UNODC Chief’s discussion on international law in St. Petersburg stresses crime prevention over cures

“Although it is sometimes hard to generate support for investments in prevention due to the expense, and the difficulties in showing results, it is increasingly understood by policymakers that prevention is truly better than the cure,” said Mr. Fedotov.

The UNODC Chief was speaking about UNODC’s work at the Seventh St. Petersburg International Law Forum to an audience of high-level delegates, including justice ministers from a number of countries.

Mr. Fedotov outlined three other areas linked to prevention that were essential in tackling drugs, crime, corruption and terrorism. He said investment in education promoted civic participation, especially among young people.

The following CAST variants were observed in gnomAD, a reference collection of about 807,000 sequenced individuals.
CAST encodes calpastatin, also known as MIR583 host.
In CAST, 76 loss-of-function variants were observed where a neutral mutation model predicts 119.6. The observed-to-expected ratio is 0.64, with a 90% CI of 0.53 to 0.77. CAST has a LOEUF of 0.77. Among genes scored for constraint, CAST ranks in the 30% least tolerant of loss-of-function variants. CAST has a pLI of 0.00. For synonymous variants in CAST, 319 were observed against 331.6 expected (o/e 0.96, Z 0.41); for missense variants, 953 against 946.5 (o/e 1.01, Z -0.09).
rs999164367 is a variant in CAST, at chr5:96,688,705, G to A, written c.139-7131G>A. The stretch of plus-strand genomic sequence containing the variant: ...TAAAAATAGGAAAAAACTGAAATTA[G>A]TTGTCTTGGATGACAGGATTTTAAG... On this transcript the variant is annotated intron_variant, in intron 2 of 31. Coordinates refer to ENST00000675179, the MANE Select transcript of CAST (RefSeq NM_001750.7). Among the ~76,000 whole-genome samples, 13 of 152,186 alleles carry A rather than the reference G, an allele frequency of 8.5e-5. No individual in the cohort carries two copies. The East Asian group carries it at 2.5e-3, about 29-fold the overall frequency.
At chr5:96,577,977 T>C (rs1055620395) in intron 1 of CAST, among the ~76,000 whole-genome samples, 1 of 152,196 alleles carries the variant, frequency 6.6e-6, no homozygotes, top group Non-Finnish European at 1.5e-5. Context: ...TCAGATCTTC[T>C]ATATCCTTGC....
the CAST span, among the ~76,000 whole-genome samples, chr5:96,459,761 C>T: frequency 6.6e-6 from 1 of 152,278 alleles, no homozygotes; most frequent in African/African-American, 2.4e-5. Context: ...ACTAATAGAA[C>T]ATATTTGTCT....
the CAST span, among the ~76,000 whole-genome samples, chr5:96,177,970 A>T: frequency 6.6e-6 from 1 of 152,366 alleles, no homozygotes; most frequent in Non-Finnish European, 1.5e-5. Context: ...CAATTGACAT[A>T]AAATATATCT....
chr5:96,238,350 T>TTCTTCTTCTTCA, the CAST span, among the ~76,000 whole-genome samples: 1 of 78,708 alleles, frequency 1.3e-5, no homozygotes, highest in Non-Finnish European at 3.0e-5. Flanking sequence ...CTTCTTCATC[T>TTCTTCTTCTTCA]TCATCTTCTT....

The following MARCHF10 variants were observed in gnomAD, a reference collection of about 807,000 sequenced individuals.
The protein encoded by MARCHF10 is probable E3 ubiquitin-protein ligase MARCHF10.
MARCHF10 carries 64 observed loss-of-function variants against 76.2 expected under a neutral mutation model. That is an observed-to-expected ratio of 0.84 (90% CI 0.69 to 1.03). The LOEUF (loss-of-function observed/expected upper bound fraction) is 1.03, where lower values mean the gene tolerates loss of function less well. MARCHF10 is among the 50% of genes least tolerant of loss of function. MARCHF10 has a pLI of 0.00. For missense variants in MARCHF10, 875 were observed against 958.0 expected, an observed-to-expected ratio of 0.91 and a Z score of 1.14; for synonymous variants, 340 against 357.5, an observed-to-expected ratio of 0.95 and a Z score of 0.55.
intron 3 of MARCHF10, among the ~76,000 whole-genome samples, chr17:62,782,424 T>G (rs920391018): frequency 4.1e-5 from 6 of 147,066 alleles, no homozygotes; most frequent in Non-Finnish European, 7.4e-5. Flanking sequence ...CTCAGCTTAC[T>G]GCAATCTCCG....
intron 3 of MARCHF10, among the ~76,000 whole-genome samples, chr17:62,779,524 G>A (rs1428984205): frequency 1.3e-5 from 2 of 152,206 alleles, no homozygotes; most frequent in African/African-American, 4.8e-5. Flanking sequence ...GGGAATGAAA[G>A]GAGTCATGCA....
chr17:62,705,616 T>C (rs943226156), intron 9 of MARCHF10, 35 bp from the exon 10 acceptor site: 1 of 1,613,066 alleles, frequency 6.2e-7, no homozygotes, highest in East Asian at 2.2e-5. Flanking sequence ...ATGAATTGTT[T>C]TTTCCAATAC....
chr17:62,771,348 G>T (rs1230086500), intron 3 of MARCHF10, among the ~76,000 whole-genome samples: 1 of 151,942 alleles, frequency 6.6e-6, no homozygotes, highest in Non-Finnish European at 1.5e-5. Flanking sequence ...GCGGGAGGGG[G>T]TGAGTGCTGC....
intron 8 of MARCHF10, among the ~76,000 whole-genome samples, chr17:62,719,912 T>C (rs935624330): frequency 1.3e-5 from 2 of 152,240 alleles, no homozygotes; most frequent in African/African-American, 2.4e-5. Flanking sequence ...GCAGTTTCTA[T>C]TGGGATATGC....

“Education is part of UNODC’s efforts through such activities as the Doha Declaration global programme on promoting a culture of lawfulness. Using the Education for Justice initiative under this programme we are instilling respect for the rule of law among children and young people,” he said.

On institutions, Mr. Fedotov noted: “We ignore building and strengthening institutions at our peril.” Weak institutions and an absence of the rule of law promote conflict and insecurity. These were also push factors, he said, for mass migration, loss of life and expansion of illicit economies.

The final related area was cooperation. “We need to invest more in each other, and to strengthen international cooperation,” said Mr. Fedotov

He ended his discussion with a call to action: “As with muscles in the human body, we run the risk of atrophy if we do not use what we have. We need to continue strengthening trust and cooperation between states, based on agreed instruments and shared standards and norms.”

The St. Petersburg International Legal Forum was first held in 2011. Hosted by the Russian Federation, it brings together international and local lawyers, government officials, and experts in law and international relations to discuss trends and developments in jurisprudence.